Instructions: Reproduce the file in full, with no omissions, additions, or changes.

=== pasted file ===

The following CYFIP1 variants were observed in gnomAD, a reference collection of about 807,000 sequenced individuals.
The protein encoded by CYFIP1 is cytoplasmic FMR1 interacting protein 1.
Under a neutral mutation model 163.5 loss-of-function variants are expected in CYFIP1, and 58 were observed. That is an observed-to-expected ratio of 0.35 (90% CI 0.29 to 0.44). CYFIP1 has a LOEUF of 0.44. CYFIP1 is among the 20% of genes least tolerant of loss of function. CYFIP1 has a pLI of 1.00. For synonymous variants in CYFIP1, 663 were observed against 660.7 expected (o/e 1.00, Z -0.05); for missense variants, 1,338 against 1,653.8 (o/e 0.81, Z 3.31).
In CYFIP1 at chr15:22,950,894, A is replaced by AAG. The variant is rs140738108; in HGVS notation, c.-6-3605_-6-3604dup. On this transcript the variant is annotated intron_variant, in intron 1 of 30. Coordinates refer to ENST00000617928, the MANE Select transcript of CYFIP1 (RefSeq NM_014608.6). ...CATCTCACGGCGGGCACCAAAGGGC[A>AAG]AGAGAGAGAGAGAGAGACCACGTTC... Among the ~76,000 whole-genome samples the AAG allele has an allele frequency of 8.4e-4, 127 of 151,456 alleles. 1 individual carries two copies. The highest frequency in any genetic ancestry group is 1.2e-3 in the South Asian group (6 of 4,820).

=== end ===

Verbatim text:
The following CYFIP1 variants were observed in gnomAD, a reference collection of about 807,000 sequenced individuals.
The protein encoded by CYFIP1 is cytoplasmic FMR1 interacting protein 1.
Under a neutral mutation model 163.5 loss-of-function variants are expected in CYFIP1, and 58 were observed. That is an observed-to-expected ratio of 0.35 (90% CI 0.29 to 0.44). CYFIP1 has a LOEUF of 0.44. CYFIP1 is among the 20% of genes least tolerant of loss of function. CYFIP1 has a pLI of 1.00. For synonymous variants in CYFIP1, 663 were observed against 660.7 expected (o/e 1.00, Z -0.05); for missense variants, 1,338 against 1,653.8 (o/e 0.81, Z 3.31).
In CYFIP1 at chr15:22,950,894, A is replaced by AAG. The variant is rs140738108; in HGVS notation, c.-6-3605_-6-3604dup. On this transcript the variant is annotated intron_variant, in intron 1 of 30. Coordinates refer to ENST00000617928, the MANE Select transcript of CYFIP1 (RefSeq NM_014608.6). ...CATCTCACGGCGGGCACCAAAGGGC[A>AAG]AGAGAGAGAGAGAGAGACCACGTTC... Among the ~76,000 whole-genome samples the AAG allele has an allele frequency of 8.4e-4, 127 of 151,456 alleles. 1 individual carries two copies. The highest frequency in any genetic ancestry group is 1.2e-3 in the South Asian group (6 of 4,820).